- There are published methods that, when properly applied, can reasonably determine if fecal bacteria are from human versus non-human (animal) sources. However, even the best methods do not approach 100% accuracy. Further separation of the animal sources to identify them as domestic animals, livestock, wildlife, geese, etc., is currently less reliable.
- The use of library-dependent methods (ribotyping, PFGE, PCR, and ARA) requires host-origin libraries that are geographically and perhaps temporally specific. The development of a host-origin library for a service area can require thousands of PCR isolates and ARA isolates and can be quite expensive to develop. In addition, the library must be tested each year by the analysis of known source isolates. However, the additional cost for testing and updating the library is small if a good host-origin library is developed during the initial project stages.
- In recent years, library-independent BST methodologies have sufficiently evolved to the point where they warrant serious consideration for BST monitoring programs. Most promising is the Bacteroides 16S rRNA gene bioassay, which is a library-independent and non-culture test. It has proven to be a more reliable indicator than library-dependent methods, and has shorter turnaround times than culture-based methods. However, it can cost significantly more.
For those who wish to change from one to another BST methodology, we recommend a gradual transition, with the replacement method being conducted concurrently on all samples for at least one monitoring year. This allows a statistical relationship to be developed between results of both methodologies.
In addition to the innovative technologies evaluated by EA, we will be investigating the emerging technology of canine scent tracking, which has been recently endorsed by the Water Environment Federation as a low-cost solution for prioritizing sampling sites for confirmatory DNA-based laboratory methods. EA hopes to report on this new technology in the not-so-distant future.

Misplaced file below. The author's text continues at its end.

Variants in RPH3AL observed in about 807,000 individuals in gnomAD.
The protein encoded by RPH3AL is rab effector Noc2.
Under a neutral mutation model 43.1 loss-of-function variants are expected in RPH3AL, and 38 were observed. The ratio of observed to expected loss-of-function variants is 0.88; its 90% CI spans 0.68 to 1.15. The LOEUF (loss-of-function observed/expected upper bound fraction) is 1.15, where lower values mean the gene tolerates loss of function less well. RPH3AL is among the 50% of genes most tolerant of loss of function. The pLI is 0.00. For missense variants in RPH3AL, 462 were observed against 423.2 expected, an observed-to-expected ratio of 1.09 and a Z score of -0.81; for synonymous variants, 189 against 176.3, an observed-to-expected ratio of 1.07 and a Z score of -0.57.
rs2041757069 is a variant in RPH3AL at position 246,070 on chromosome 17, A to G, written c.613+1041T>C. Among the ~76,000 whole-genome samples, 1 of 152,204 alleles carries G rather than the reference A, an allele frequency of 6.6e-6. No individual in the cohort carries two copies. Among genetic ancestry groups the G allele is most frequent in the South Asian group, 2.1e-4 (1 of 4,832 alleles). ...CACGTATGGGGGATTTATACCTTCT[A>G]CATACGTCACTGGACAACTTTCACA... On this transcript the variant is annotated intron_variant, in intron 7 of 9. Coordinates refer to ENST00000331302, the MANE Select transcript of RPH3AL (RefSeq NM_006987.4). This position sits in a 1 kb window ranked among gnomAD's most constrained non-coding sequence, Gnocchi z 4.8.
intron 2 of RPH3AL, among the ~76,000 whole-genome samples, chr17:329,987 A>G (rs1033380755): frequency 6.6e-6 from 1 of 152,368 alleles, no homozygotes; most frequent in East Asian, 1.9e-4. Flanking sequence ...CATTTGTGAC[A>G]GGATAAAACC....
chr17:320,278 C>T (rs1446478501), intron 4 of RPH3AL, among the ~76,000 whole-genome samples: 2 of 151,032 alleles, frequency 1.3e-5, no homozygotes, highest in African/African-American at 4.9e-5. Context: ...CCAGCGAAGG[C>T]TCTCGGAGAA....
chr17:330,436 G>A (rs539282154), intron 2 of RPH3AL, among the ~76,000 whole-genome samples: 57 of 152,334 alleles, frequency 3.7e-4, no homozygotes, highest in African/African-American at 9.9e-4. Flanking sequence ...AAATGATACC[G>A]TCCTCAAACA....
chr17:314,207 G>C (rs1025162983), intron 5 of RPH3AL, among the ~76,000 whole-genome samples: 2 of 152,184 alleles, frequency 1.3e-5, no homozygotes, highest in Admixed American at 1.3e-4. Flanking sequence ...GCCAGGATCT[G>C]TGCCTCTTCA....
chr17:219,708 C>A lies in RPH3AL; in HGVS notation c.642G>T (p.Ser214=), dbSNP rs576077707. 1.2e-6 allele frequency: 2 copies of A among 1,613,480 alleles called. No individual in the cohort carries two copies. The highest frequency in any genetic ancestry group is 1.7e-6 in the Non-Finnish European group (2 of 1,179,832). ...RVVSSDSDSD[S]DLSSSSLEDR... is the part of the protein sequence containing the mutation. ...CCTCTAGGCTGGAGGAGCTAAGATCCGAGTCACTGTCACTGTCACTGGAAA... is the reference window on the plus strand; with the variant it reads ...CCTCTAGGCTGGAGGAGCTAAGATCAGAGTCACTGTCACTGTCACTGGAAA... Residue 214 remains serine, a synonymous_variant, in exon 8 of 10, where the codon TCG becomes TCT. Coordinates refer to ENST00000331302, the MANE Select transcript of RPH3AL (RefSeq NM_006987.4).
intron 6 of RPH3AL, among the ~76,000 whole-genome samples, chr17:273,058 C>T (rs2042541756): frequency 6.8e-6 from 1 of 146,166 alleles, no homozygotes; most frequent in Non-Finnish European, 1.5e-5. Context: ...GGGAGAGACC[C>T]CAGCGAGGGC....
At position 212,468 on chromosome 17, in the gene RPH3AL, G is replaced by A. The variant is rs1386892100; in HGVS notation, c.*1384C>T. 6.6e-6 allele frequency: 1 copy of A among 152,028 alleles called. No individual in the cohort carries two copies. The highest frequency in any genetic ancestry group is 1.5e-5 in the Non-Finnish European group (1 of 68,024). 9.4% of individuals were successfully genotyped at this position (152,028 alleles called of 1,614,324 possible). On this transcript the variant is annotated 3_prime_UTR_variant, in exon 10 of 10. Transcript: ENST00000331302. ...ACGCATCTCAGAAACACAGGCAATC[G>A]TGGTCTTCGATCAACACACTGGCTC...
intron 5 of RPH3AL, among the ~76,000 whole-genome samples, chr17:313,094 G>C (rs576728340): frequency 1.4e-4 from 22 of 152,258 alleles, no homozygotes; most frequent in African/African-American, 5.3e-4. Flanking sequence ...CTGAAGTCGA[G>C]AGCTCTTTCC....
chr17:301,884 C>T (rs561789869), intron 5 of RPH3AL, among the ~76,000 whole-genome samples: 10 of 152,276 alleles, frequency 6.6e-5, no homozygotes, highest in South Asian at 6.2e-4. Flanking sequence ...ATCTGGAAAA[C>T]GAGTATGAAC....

Hagedorn C., R. B. Reneau, M. Saluta, and A. Chapman. 2003. Impact of Onsite Wastewater Systems on Water Quality in Coastal Regions. Progress report for Virginia’s Coastal Resources Management Program. 22 pp.
Hartel, P. G., J. D. Summer, J. L. Hill, J. V. Collins, J. A. Entry, and W. I. Segars. 2002. “Geographic Variability of Escherichia coli Ribotypes from Animals in Idaho and Georgia.” Journal of Environmental Quality 31(4), 1273–78.
Harwood, V. J. 2002. Lessons learned and questions unanswered from 5 years of bacterial source tracking. Southern California Coastal Water Research Project Authority. Microbiological Source Tracking Workshop. Presented in cooperation with EPA, State Water Quality Control Board, and the National Water Research Institute. Accessed on February 5–7 from www.sccwrp.org.
Hyer, K. E., and D. L. Moyer. 2003. Sources and Patterns of Fecal Coliform Bacteria in Three Streams in Virginia, 1999–2000; US Geological Survey, Reston, Virginia. p. 89.
Simmons, G. M., D. F. Waye, S. Herbein, S. Myers, and E. Walker. 2000. Estimating nonpoint fecal coliform sources in Northern Virginia’s Four Mile Run watershed, p. 248–67. In T. Younos and J. Poff (ed.), Proceedings of the Virginia Water Research Symposium 2000, VWRRC Special Report SR-19-2000, Blacksburg.
Simpson, J. M., J. Santo Domingo, and D. J. Reasoner. 2002. “Microbial Source Tracking: State of the Science.” Environmental Science and Technology 36(24):5279–5388.
US Environmental Protection Agency (EPA). 2005a. Overview of Current Total Maximum Daily Load–Total Maximum Daily Load–Program and Regulations. http://water.epa.gov/lawsregs/lawsguidance/cwa/tmdl/overview.cfm.
US Environmental Protection Agency (EPA). 2005b. Microbial Source Tracking Guide Document. Office of Research and Development, Cincinnati, Ohio. EPA 600-R-05-064. 150 pp.
Wiggins, B. A., P. W. Cash, W. S. Creamer, S. E. Dart, P. P. Garcia, T. M. Gerecke, J. Han, B. L. Henry, K. B. Hoover, E. L. Johnson, K. C. Jones, J. G. McCarthy, J. A. McDonough, S. A. Mercer, M. J. Noto, H. Park, M. S. Phillips, S. M. Purner, B. M. Smith, E. N. Stevens, and A. K. Varner. 2003. “Use of Antibiotic Resistance Analysis for Representativeness Testing of Multi-Watershed Libraries.” Applied and Environmental Microbiology 69(6):3399–3405.
A credible BST researcher currently utilizing the Bacteroides 16S rRNA gene methodology is Dr. Charles Hagedorn (Virginia Tech) who has been conducting the BST and total Enterococcus analysis for the Washington Suburban Sanitary Commission since the beginning of the program in 2006. We would like to acknowledge his expertise, for those who wish to learn more about the details.